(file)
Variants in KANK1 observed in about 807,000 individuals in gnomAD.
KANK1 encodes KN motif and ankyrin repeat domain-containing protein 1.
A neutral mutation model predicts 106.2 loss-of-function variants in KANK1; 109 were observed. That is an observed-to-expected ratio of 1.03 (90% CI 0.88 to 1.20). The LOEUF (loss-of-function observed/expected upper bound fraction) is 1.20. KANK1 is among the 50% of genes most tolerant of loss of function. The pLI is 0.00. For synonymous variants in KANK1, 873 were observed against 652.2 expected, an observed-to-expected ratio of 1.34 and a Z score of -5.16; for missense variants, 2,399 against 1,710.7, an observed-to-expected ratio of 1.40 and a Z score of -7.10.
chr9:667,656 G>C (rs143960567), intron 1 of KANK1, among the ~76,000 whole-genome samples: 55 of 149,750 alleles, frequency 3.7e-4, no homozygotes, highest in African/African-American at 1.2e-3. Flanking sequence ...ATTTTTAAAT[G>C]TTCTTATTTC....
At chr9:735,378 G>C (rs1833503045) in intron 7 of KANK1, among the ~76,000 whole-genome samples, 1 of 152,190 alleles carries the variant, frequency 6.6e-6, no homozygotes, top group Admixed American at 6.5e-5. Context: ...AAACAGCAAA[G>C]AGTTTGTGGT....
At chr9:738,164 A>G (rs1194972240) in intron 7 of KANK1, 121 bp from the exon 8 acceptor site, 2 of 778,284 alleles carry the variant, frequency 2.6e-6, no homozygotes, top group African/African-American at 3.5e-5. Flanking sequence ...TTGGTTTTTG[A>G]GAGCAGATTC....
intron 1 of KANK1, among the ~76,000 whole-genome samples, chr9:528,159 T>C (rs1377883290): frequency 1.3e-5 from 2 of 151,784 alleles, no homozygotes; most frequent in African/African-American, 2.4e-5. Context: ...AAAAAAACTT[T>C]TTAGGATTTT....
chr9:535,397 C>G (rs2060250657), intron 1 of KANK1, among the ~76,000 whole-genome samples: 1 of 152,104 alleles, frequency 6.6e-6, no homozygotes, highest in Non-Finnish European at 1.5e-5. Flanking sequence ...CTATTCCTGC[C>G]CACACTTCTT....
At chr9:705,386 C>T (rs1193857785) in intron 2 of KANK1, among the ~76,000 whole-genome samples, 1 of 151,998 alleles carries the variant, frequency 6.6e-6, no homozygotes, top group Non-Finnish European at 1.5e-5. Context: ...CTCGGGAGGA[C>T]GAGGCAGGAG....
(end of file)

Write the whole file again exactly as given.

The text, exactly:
Variants in KANK1 observed in about 807,000 individuals in gnomAD.
KANK1 encodes KN motif and ankyrin repeat domain-containing protein 1.
A neutral mutation model predicts 106.2 loss-of-function variants in KANK1; 109 were observed. That is an observed-to-expected ratio of 1.03 (90% CI 0.88 to 1.20). The LOEUF (loss-of-function observed/expected upper bound fraction) is 1.20. KANK1 is among the 50% of genes most tolerant of loss of function. The pLI is 0.00. For synonymous variants in KANK1, 873 were observed against 652.2 expected, an observed-to-expected ratio of 1.34 and a Z score of -5.16; for missense variants, 2,399 against 1,710.7, an observed-to-expected ratio of 1.40 and a Z score of -7.10.
chr9:667,656 G>C (rs143960567), intron 1 of KANK1, among the ~76,000 whole-genome samples: 55 of 149,750 alleles, frequency 3.7e-4, no homozygotes, highest in African/African-American at 1.2e-3. Flanking sequence ...ATTTTTAAAT[G>C]TTCTTATTTC....
At chr9:735,378 G>C (rs1833503045) in intron 7 of KANK1, among the ~76,000 whole-genome samples, 1 of 152,190 alleles carries the variant, frequency 6.6e-6, no homozygotes, top group Admixed American at 6.5e-5. Context: ...AAACAGCAAA[G>C]AGTTTGTGGT....
At chr9:738,164 A>G (rs1194972240) in intron 7 of KANK1, 121 bp from the exon 8 acceptor site, 2 of 778,284 alleles carry the variant, frequency 2.6e-6, no homozygotes, top group African/African-American at 3.5e-5. Flanking sequence ...TTGGTTTTTG[A>G]GAGCAGATTC....
intron 1 of KANK1, among the ~76,000 whole-genome samples, chr9:528,159 T>C (rs1377883290): frequency 1.3e-5 from 2 of 151,784 alleles, no homozygotes; most frequent in African/African-American, 2.4e-5. Context: ...AAAAAAACTT[T>C]TTAGGATTTT....
chr9:535,397 C>G (rs2060250657), intron 1 of KANK1, among the ~76,000 whole-genome samples: 1 of 152,104 alleles, frequency 6.6e-6, no homozygotes, highest in Non-Finnish European at 1.5e-5. Flanking sequence ...CTATTCCTGC[C>G]CACACTTCTT....
At chr9:705,386 C>T (rs1193857785) in intron 2 of KANK1, among the ~76,000 whole-genome samples, 1 of 151,998 alleles carries the variant, frequency 6.6e-6, no homozygotes, top group Non-Finnish European at 1.5e-5. Context: ...CTCGGGAGGA[C>T]GAGGCAGGAG....